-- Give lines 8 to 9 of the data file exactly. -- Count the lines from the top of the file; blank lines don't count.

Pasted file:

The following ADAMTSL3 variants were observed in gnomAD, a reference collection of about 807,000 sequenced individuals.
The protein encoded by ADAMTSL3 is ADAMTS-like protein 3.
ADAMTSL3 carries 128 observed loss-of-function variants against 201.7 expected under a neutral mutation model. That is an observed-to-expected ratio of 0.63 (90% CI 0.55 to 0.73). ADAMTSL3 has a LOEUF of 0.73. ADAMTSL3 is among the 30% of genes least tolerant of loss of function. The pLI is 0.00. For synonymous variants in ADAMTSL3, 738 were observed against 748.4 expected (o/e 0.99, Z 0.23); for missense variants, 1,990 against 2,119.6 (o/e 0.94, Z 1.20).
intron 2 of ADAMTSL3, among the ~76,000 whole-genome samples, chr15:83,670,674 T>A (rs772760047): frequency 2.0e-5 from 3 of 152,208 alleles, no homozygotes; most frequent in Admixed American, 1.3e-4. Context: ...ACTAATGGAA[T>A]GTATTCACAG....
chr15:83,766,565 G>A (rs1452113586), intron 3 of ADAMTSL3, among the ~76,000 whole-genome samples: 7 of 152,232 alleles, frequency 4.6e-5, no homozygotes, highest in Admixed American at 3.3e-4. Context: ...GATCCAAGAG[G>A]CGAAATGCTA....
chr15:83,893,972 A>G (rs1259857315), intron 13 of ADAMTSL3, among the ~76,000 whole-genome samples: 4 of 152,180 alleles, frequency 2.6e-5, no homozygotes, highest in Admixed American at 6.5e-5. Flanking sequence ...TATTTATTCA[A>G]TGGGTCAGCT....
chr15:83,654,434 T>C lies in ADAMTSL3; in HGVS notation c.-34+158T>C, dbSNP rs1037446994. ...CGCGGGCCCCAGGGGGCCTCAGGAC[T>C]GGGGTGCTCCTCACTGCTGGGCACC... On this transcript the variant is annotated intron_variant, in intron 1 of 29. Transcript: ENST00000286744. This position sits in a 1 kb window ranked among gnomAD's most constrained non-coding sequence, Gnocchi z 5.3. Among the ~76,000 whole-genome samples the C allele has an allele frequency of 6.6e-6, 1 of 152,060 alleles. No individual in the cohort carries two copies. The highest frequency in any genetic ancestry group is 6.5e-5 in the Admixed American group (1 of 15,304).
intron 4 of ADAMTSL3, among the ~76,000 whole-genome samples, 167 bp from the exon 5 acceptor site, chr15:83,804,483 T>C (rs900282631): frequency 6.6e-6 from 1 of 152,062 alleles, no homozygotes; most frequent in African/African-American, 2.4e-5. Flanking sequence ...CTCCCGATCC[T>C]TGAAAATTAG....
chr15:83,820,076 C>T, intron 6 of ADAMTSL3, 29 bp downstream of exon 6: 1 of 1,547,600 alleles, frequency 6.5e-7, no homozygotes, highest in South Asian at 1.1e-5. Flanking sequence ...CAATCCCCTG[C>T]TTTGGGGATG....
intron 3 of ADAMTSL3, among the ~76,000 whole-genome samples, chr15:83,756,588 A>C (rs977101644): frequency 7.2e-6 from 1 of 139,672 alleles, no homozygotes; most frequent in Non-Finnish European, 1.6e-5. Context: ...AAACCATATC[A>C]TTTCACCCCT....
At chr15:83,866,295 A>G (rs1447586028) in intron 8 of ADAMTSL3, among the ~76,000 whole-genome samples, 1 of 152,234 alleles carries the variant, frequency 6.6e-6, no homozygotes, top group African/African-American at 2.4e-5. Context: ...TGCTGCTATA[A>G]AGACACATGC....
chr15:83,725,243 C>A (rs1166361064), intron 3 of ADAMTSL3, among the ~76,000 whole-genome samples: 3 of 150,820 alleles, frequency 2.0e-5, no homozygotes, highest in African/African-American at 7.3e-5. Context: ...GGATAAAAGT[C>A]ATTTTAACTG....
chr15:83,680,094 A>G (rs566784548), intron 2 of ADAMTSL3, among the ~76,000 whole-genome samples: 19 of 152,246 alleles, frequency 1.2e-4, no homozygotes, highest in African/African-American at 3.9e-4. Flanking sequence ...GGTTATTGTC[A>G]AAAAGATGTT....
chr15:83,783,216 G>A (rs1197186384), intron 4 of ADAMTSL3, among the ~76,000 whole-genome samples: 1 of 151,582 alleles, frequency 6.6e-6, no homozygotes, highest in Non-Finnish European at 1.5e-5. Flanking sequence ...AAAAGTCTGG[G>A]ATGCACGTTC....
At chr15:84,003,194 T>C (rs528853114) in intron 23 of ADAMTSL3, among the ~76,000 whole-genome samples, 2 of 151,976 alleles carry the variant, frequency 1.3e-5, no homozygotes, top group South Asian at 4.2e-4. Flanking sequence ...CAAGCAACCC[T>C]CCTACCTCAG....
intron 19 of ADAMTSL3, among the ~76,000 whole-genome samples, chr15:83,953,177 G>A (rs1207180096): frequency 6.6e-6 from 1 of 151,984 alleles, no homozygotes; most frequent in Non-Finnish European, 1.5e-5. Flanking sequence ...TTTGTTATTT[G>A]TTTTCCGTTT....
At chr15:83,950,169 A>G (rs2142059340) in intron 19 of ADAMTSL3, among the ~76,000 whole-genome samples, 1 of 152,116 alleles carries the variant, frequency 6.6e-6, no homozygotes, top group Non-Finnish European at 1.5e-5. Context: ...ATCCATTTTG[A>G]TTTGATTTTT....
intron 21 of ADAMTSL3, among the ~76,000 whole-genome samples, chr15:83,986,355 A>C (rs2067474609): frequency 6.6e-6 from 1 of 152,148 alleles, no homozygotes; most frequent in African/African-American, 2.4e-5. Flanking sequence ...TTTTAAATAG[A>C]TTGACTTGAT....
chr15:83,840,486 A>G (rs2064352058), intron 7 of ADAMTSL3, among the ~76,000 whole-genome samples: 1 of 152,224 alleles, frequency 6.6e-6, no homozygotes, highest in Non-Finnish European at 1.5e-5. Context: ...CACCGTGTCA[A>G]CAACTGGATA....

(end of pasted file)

intron 4 of ADAMTSL3, among the ~76,000 whole-genome samples, 167 bp from the exon 5 acceptor site, chr15:83,804,483 T>C (rs900282631): frequency 6.6e-6 from 1 of 152,062 alleles, no homozygotes; most frequent in African/African-American, 2.4e-5. Flanking sequence ...CTCCCGATCC[T>C]TGAAAATTAG....
chr15:83,820,076 C>T, intron 6 of ADAMTSL3, 29 bp downstream of exon 6: 1 of 1,547,600 alleles, frequency 6.5e-7, no homozygotes, highest in South Asian at 1.1e-5. Flanking sequence ...CAATCCCCTG[C>T]TTTGGGGATG....